• 2/6/2017 … Cartridge change-outs were done correctly
    • Cyan, Magenta and Yellow were all at zero (0)
  • 4/10/2017
    • Black was changed at 69%
    • Cyan was changed at 38%
    • Magenta was changed at 42%
    • Yellow was changed at 45%
    • Drum levels were empty (a little over 14,000 pages were printed since last drum change)
      • (Did poor print quality because of empty drums cause cartridge replacements?)
Widely held industry standards allow us to reason when fill ratios between four and six percent are achieved, cartridges are being used efficiently and not being replaced too early.  A ‘Consumables’ report was generated to verify proper cartridge fill percentages were occurring. 
 
Table 3 reveals each time cartridges were replaced early, fill percentages were either significantly over industry standards or in the upper range of what might be considered a good or acceptable average fills:
 
Consumables Report.png
A final review of the cartridge change data for the ‘Lexmark C748’ device shows seven of twelve replacement events were completed early, the bulk of which were likely the result of empty drums:
 
For Black Cartridges:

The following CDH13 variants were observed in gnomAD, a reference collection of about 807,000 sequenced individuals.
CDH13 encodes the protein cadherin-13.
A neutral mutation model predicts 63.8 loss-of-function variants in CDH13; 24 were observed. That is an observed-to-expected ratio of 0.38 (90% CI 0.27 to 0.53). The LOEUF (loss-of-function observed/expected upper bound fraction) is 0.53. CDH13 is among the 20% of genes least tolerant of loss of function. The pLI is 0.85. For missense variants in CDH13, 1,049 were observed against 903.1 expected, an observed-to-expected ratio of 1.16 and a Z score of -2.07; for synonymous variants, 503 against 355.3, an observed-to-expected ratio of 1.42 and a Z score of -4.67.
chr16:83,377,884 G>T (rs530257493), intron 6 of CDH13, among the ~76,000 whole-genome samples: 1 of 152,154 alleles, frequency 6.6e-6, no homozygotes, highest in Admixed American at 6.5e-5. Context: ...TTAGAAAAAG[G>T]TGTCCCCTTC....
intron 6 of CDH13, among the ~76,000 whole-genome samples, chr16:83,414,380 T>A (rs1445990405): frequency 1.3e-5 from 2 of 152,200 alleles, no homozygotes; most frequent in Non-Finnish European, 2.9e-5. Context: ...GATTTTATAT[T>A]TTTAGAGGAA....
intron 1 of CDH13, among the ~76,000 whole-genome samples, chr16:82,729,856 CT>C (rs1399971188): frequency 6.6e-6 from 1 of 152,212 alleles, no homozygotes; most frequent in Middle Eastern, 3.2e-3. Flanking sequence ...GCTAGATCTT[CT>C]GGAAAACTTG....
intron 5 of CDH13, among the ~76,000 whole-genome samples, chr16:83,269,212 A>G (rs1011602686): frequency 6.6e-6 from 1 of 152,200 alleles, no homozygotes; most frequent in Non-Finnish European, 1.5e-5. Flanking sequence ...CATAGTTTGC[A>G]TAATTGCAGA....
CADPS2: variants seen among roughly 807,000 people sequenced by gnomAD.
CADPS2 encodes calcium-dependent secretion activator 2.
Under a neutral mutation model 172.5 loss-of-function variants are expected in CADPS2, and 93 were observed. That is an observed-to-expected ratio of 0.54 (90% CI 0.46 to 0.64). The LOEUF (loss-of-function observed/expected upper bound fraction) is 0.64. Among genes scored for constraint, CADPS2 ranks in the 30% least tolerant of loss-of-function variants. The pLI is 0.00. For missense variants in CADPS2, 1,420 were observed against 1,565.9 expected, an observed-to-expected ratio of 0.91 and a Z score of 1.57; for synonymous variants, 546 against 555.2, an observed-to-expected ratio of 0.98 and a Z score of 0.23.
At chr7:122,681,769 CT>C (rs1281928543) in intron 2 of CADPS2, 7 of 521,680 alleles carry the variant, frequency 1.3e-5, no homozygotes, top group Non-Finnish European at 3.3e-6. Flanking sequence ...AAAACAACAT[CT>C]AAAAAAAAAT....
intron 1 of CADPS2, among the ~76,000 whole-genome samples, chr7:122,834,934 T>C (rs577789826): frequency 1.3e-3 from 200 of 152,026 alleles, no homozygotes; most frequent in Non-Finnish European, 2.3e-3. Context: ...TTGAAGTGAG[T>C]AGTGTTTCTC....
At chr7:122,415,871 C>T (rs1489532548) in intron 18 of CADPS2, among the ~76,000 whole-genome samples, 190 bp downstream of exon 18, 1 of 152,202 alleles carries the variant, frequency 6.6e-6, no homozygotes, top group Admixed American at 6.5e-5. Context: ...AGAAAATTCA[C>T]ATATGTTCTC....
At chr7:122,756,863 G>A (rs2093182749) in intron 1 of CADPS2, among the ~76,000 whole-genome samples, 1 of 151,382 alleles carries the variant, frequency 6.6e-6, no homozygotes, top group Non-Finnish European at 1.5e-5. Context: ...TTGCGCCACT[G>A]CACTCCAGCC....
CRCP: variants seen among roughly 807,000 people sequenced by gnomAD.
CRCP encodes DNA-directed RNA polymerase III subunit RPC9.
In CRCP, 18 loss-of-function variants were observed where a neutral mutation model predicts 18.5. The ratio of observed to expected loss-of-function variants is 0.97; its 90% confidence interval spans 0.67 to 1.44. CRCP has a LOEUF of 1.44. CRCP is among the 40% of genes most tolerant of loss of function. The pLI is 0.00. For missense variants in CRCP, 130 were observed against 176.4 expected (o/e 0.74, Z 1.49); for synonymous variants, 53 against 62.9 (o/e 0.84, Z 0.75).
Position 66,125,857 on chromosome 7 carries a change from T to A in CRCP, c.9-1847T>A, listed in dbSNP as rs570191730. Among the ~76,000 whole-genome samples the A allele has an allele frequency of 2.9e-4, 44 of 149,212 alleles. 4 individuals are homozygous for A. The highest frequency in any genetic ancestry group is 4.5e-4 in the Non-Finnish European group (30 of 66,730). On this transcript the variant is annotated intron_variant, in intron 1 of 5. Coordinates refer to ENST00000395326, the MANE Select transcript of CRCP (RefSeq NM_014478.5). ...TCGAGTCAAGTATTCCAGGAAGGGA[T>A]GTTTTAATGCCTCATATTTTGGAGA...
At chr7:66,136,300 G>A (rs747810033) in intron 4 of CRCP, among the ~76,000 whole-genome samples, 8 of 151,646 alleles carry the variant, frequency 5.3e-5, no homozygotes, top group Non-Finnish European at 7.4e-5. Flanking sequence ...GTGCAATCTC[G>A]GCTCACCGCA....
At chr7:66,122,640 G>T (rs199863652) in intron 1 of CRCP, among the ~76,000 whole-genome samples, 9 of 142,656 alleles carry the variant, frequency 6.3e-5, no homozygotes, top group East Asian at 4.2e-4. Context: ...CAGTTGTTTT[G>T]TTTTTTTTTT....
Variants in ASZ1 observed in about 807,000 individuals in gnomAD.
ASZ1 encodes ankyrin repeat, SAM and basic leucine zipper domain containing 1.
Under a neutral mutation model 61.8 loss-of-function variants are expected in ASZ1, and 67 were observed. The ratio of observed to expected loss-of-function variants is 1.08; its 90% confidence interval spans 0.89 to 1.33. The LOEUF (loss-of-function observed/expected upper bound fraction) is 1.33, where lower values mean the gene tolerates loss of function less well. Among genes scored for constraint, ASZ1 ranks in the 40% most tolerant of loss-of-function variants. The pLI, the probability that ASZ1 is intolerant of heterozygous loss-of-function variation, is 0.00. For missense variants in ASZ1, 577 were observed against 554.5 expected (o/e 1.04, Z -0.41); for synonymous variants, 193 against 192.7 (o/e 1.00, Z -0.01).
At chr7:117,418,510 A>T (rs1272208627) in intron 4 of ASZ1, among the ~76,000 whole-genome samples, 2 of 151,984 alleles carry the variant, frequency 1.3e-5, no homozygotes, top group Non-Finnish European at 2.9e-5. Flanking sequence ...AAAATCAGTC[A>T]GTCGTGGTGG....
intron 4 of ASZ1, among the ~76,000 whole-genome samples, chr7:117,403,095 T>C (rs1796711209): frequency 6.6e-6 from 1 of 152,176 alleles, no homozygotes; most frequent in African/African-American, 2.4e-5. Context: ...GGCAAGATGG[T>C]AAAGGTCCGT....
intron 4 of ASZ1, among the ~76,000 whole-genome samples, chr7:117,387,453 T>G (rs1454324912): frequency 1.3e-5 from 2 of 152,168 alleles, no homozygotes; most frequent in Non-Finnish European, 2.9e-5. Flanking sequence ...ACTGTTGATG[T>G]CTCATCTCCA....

• 10/6/2016 – Toner was replaced a second time allowing for comparisons
    • Level at time of replacement was 19%; fill for the previous cartridge was 5.81%
  • 11/14/2016 – Toner was replaced a third time
    • Level at time of replacement was 67%; fill for the previous cartridge was 14.1%
      • (NOTE – Black drum was empty at time of replacement)
  • 1/5/2017 – Toner was replaced a fourth time
    • Level at time of replacement was 69%; fill for the previous cartridge was 15.3%
For Cyan Cartridges:
  • 11/14/2016 – Toner was replaced a second time allowing for comparisons
    • Level at time of replacement was 0%; fill for the previous cartridge was 4.04%
  • 2/6/2017 – Toner was replaced a third time
    • Level at time of replacement was 0%; fill for the previous cartridge was 4.61%
  • 4/10/2017 – Toner was replaced a fourth time
    • Level at time of replacement was 37%; fill for the previous cartridge was 6.48%
      • (NOTE – Cyan drum was empty at time of replacement)
For Magenta Cartridges:
  • 11/14/2016 – Toner was replaced a second time allowing for comparisons
    • Level at time of replacement was 47%; fill for the previous cartridge was 8.13%
      • (NOTE – Magenta drum was empty at time of replacement)
  • 2/6/2017 – Toner was replaced a third time
    • Level at time of replacement was 0%; fill for the previous cartridge was 4.61%
  • 4/10/2017 – Toner was replaced a fourth time
    • Level at time of replacement was 41%; fill for the previous cartridge was 6.48%
      • (NOTE – Magenta drum was empty at time of replacement)
For Yellow Cartridges:
  • 11/14/2016 – Toner was replaced a second time allowing for comparisons